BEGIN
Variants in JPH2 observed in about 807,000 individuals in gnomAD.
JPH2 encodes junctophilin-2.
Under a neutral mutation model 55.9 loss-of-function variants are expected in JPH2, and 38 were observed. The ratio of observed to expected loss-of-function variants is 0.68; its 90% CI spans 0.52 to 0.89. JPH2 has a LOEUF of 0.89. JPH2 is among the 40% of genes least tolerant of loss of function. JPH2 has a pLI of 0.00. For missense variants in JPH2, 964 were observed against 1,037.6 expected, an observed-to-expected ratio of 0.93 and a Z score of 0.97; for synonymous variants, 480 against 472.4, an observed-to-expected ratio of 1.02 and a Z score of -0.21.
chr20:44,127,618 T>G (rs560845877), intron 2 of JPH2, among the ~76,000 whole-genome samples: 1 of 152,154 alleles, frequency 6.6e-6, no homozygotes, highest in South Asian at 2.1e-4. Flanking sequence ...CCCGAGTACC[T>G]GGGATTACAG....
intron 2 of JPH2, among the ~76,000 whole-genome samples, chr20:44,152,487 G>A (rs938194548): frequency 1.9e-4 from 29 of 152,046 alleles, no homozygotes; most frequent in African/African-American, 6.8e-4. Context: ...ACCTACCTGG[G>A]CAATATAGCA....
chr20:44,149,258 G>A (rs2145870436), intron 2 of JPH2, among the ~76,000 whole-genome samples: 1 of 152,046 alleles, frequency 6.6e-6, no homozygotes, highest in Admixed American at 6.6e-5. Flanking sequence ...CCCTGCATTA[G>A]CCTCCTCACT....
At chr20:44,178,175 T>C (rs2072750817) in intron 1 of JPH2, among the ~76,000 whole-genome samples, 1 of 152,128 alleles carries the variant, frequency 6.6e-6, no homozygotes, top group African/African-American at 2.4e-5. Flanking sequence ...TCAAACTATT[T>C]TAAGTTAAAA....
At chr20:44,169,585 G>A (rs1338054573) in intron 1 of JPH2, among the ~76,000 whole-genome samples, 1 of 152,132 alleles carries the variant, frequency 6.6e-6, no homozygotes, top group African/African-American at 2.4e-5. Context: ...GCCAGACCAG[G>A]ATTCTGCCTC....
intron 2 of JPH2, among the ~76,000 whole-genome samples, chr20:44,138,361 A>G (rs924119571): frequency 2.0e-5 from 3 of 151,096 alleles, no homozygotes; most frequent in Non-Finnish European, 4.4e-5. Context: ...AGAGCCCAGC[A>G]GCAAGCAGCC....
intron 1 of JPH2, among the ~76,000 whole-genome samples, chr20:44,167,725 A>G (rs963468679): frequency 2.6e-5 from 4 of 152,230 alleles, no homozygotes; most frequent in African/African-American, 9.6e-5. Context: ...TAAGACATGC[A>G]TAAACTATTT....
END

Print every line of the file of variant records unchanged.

Variants in JPH2 observed in about 807,000 individuals in gnomAD.
JPH2 encodes junctophilin-2.
Under a neutral mutation model 55.9 loss-of-function variants are expected in JPH2, and 38 were observed. The ratio of observed to expected loss-of-function variants is 0.68; its 90% CI spans 0.52 to 0.89. JPH2 has a LOEUF of 0.89. JPH2 is among the 40% of genes least tolerant of loss of function. JPH2 has a pLI of 0.00. For missense variants in JPH2, 964 were observed against 1,037.6 expected, an observed-to-expected ratio of 0.93 and a Z score of 0.97; for synonymous variants, 480 against 472.4, an observed-to-expected ratio of 1.02 and a Z score of -0.21.
chr20:44,127,618 T>G (rs560845877), intron 2 of JPH2, among the ~76,000 whole-genome samples: 1 of 152,154 alleles, frequency 6.6e-6, no homozygotes, highest in South Asian at 2.1e-4. Flanking sequence ...CCCGAGTACC[T>G]GGGATTACAG....
intron 2 of JPH2, among the ~76,000 whole-genome samples, chr20:44,152,487 G>A (rs938194548): frequency 1.9e-4 from 29 of 152,046 alleles, no homozygotes; most frequent in African/African-American, 6.8e-4. Context: ...ACCTACCTGG[G>A]CAATATAGCA....
chr20:44,149,258 G>A (rs2145870436), intron 2 of JPH2, among the ~76,000 whole-genome samples: 1 of 152,046 alleles, frequency 6.6e-6, no homozygotes, highest in Admixed American at 6.6e-5. Flanking sequence ...CCCTGCATTA[G>A]CCTCCTCACT....
At chr20:44,178,175 T>C (rs2072750817) in intron 1 of JPH2, among the ~76,000 whole-genome samples, 1 of 152,128 alleles carries the variant, frequency 6.6e-6, no homozygotes, top group African/African-American at 2.4e-5. Flanking sequence ...TCAAACTATT[T>C]TAAGTTAAAA....
At chr20:44,169,585 G>A (rs1338054573) in intron 1 of JPH2, among the ~76,000 whole-genome samples, 1 of 152,132 alleles carries the variant, frequency 6.6e-6, no homozygotes, top group African/African-American at 2.4e-5. Context: ...GCCAGACCAG[G>A]ATTCTGCCTC....
intron 2 of JPH2, among the ~76,000 whole-genome samples, chr20:44,138,361 A>G (rs924119571): frequency 2.0e-5 from 3 of 151,096 alleles, no homozygotes; most frequent in Non-Finnish European, 4.4e-5. Context: ...AGAGCCCAGC[A>G]GCAAGCAGCC....
intron 1 of JPH2, among the ~76,000 whole-genome samples, chr20:44,167,725 A>G (rs963468679): frequency 2.6e-5 from 4 of 152,230 alleles, no homozygotes; most frequent in African/African-American, 9.6e-5. Context: ...TAAGACATGC[A>G]TAAACTATTT....